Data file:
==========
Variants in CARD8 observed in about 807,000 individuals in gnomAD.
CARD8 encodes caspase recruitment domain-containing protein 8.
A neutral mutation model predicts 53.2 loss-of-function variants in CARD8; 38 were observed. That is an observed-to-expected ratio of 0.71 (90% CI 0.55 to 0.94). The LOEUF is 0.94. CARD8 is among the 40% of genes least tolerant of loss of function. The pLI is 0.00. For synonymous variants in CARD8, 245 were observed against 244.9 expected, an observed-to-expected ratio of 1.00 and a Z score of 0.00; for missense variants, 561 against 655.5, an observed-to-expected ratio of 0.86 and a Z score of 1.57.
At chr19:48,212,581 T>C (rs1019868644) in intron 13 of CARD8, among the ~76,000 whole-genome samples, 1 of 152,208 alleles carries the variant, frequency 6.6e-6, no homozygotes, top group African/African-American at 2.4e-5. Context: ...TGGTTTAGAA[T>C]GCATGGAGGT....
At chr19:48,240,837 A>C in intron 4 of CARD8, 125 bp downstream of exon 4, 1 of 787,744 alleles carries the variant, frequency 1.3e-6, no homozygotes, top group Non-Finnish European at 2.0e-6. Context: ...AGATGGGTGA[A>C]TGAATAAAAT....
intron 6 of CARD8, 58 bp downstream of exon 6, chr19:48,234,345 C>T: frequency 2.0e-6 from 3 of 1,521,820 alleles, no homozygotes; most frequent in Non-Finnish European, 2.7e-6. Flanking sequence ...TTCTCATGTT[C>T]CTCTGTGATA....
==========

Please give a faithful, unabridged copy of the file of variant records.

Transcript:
Variants in CARD8 observed in about 807,000 individuals in gnomAD.
CARD8 encodes caspase recruitment domain-containing protein 8.
A neutral mutation model predicts 53.2 loss-of-function variants in CARD8; 38 were observed. That is an observed-to-expected ratio of 0.71 (90% CI 0.55 to 0.94). The LOEUF is 0.94. CARD8 is among the 40% of genes least tolerant of loss of function. The pLI is 0.00. For synonymous variants in CARD8, 245 were observed against 244.9 expected, an observed-to-expected ratio of 1.00 and a Z score of 0.00; for missense variants, 561 against 655.5, an observed-to-expected ratio of 0.86 and a Z score of 1.57.
At chr19:48,212,581 T>C (rs1019868644) in intron 13 of CARD8, among the ~76,000 whole-genome samples, 1 of 152,208 alleles carries the variant, frequency 6.6e-6, no homozygotes, top group African/African-American at 2.4e-5. Context: ...TGGTTTAGAA[T>C]GCATGGAGGT....
At chr19:48,240,837 A>C in intron 4 of CARD8, 125 bp downstream of exon 4, 1 of 787,744 alleles carries the variant, frequency 1.3e-6, no homozygotes, top group Non-Finnish European at 2.0e-6. Context: ...AGATGGGTGA[A>C]TGAATAAAAT....
intron 6 of CARD8, 58 bp downstream of exon 6, chr19:48,234,345 C>T: frequency 2.0e-6 from 3 of 1,521,820 alleles, no homozygotes; most frequent in Non-Finnish European, 2.7e-6. Flanking sequence ...TTCTCATGTT[C>T]CTCTGTGATA....